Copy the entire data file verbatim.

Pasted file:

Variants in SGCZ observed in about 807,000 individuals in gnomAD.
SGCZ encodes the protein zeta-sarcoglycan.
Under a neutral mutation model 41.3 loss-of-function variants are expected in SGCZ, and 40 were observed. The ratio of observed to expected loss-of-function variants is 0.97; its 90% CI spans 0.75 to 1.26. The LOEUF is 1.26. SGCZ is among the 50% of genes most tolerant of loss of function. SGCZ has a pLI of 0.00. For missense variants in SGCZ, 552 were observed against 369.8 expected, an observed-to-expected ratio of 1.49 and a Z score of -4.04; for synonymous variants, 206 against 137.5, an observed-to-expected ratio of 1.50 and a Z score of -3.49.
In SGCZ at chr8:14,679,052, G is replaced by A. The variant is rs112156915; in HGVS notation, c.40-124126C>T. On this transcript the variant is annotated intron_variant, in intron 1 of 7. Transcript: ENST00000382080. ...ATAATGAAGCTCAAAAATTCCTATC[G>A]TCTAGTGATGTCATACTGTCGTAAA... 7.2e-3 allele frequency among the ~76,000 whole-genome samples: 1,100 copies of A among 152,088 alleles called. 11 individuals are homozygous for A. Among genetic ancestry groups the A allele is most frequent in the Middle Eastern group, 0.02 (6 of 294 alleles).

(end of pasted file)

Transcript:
Variants in SGCZ observed in about 807,000 individuals in gnomAD.
SGCZ encodes the protein zeta-sarcoglycan.
Under a neutral mutation model 41.3 loss-of-function variants are expected in SGCZ, and 40 were observed. The ratio of observed to expected loss-of-function variants is 0.97; its 90% CI spans 0.75 to 1.26. The LOEUF is 1.26. SGCZ is among the 50% of genes most tolerant of loss of function. SGCZ has a pLI of 0.00. For missense variants in SGCZ, 552 were observed against 369.8 expected, an observed-to-expected ratio of 1.49 and a Z score of -4.04; for synonymous variants, 206 against 137.5, an observed-to-expected ratio of 1.50 and a Z score of -3.49.
In SGCZ at chr8:14,679,052, G is replaced by A. The variant is rs112156915; in HGVS notation, c.40-124126C>T. On this transcript the variant is annotated intron_variant, in intron 1 of 7. Transcript: ENST00000382080. ...ATAATGAAGCTCAAAAATTCCTATC[G>A]TCTAGTGATGTCATACTGTCGTAAA... 7.2e-3 allele frequency among the ~76,000 whole-genome samples: 1,100 copies of A among 152,088 alleles called. 11 individuals are homozygous for A. Among genetic ancestry groups the A allele is most frequent in the Middle Eastern group, 0.02 (6 of 294 alleles).